When the World Series begins, McMurphy stops working and switches on the TV. Nurse Ratched gets angry and switches it back off. She begins to admonish McMurphy but the other acutes, as well as Bromden, surround him and sit down to watch the game, too. Bromden overhears the doctors and nurses meeting to discuss McMurphy and his effect on the other patients. Some of them think that he is too conniving to be truly mentally ill and others think that he is indeed sick and that he may even be dangerous. One doctor, in particular, worries that McMurphy may assault him. Ratched calms their fears by insisting that McMurphy is not extraordinary or special in any way and that he is simply a man and he can be controlled. Ratched also notes that McMurphy was committed involuntarily, so they have all the time in the world to break him.
Outside, the other patients congratulate McMurphy for winning the bet and making Ratched lose her cool. As a result of this triumph, McMurphy begins to get bolder with Ratched over the next few days and begins asking her more probing, sarcastic questions than ever before. Bromden starts to think that McMurphy may be strong enough to escape the combine.
At the next group meeting, the patients begin to bring up more long-standing complaints that they have had to keep silent on before. McMurphy realizes that Ratched is still acting like she has a secret from the rest of them. When the patients visit a local pool, McMurphy chats with a lifeguard. McMurphy mentions that being in the ward is as bad as being in prison. The lifeguard, who is also a patient, suggests that it is actually worse because in prison you at least have a release date. He tells McMurphy that he will be there for as long as Ratched sees fit. With this in mind, that evening McMurphy begins to act better than he has been the past few days. He stops complaining and stops protesting during group meetings.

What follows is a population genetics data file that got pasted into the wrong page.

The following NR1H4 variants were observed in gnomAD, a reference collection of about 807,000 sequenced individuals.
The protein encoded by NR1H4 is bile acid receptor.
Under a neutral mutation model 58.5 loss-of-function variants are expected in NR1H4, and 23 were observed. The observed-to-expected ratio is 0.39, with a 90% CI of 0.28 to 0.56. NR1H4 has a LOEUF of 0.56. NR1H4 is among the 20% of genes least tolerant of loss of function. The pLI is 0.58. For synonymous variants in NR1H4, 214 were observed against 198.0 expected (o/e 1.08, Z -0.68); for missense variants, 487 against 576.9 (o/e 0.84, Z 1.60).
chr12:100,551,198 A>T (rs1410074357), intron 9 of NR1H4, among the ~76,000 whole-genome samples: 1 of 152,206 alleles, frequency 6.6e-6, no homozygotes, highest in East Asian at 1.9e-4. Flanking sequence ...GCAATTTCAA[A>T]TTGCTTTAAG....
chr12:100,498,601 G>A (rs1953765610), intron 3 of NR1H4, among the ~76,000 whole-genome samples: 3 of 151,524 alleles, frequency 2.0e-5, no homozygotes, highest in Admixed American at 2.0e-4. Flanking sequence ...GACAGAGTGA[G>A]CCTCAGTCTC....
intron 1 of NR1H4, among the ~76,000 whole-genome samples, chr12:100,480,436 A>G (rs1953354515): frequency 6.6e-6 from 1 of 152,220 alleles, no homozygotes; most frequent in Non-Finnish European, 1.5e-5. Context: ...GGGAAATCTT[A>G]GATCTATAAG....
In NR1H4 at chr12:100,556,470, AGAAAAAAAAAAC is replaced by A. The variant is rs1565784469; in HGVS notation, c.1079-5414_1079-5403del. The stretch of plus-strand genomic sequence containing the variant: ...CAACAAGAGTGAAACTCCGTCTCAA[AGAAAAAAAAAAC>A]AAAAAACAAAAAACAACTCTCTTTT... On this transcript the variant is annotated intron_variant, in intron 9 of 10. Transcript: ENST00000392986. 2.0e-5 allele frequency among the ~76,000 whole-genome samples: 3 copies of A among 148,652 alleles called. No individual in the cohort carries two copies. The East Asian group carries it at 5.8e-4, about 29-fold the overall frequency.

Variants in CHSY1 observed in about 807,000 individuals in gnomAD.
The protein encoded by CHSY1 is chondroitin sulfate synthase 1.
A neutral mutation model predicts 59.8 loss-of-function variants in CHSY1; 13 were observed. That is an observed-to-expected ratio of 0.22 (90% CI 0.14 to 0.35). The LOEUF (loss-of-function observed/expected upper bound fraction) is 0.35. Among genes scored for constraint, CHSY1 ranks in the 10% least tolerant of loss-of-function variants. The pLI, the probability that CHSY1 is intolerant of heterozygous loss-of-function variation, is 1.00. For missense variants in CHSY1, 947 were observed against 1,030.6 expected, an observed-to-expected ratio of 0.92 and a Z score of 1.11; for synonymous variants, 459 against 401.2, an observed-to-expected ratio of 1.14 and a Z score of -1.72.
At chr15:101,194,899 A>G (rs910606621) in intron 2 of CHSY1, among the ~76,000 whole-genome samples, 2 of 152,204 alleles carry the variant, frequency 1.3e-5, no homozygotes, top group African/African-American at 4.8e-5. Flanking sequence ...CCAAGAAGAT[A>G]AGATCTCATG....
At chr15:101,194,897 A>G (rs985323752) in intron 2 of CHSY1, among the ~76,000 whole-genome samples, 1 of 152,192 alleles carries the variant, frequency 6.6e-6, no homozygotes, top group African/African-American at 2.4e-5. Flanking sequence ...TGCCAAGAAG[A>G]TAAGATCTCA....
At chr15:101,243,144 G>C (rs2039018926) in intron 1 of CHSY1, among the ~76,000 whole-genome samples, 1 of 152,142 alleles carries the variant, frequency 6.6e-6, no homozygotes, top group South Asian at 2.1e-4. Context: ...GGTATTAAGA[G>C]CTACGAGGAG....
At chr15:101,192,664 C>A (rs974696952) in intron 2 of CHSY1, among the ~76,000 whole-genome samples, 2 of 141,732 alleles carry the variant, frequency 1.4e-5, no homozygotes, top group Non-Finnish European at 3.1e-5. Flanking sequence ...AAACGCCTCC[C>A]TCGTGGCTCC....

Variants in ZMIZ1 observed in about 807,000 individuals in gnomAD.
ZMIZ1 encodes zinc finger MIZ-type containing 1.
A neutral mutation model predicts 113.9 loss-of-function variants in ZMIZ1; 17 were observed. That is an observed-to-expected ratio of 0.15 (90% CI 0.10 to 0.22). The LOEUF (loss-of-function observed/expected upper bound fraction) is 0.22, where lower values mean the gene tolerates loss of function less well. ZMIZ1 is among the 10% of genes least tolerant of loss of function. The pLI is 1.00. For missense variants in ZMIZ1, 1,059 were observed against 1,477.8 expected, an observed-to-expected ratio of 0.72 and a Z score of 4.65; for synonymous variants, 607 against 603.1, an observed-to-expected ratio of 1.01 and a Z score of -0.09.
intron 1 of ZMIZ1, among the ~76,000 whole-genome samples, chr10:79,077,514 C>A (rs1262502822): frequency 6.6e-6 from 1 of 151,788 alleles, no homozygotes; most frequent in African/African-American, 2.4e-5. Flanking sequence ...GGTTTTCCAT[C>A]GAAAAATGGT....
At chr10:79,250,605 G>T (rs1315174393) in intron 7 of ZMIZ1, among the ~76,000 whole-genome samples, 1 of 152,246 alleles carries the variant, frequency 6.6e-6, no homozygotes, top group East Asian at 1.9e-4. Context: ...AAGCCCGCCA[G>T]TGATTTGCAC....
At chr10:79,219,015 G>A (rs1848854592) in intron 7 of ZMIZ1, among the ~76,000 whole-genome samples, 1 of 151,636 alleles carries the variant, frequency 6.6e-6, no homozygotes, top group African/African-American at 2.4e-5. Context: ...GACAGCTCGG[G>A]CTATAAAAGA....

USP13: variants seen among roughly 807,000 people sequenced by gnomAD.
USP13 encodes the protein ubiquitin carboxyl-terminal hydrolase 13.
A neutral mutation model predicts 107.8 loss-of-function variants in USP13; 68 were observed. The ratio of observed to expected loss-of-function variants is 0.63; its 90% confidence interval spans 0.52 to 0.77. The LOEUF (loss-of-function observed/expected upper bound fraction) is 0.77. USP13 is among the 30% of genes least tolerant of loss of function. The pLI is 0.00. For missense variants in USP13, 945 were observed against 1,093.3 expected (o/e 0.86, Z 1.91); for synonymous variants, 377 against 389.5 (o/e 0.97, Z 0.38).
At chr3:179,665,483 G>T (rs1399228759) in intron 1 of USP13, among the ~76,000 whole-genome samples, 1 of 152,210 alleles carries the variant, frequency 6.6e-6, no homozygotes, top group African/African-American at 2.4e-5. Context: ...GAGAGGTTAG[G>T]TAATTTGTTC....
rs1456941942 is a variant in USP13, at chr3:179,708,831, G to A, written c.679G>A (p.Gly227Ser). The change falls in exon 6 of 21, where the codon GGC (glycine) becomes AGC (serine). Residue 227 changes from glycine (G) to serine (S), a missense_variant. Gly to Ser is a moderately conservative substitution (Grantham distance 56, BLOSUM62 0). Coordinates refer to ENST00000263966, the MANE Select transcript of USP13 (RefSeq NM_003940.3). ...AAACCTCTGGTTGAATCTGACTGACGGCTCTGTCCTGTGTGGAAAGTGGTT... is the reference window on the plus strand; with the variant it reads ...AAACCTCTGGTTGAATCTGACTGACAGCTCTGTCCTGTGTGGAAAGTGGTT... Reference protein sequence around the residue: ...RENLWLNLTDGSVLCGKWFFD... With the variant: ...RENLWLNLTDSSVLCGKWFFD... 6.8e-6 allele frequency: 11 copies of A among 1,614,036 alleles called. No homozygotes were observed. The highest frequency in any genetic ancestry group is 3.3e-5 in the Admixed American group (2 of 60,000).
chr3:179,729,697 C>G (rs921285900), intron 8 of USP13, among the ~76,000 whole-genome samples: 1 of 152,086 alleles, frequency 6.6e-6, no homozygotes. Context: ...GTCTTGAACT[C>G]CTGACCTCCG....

The strictly scheduled daily life in the ward resumes as McMurphy starts acting better to give in to Ratched. Everything begins to go back to the way it was before he was brought in. Harding’s wife visits the ward and the two fight about small things constantly. His wife, Vera begins to flirt with McMurphy before leaving suddenly. After she leaves, Harding asks McMurphy what he thought of Vera and McMurphy jokes that he liked her figure. Harding is offended by this but McMurphy tells him that he has his own problems to deal with and he cannot think of anyone else.
One day the patients are taken to another building for chest X-rays. While waiting, McMurphy asks the others why they didn’t tell him before that Ratched would be in charge of whether or not he was allowed to leave. Harding admits that he had forgotten that McMurphy was involuntarily committed. Not many of the patients in the ward were involuntarily committed. Just some of the older chronics. McMurphy asks Billy why he is there if he doesn’t have to be and Billy says that he is too weak to leave and begins to cry as the scabs on his wrists open and begin to bleed.
The patients return to the ward and try to calm Billy. Bromden notices that McMurphy seems worried. Another meeting is held that afternoon and Ratched talks about the group’s behavior during the World Series. She notes that she has waited too long to address and it and wants to give the men a chance to apologize. She has taken away privileges to the tub room and claims that it is for the patients own good.
McMurphy doesn’t say anything, but stands up and walks over to the nurses station. He punches the glass and then sarcastically says that it was so clean that he didn’t see it there.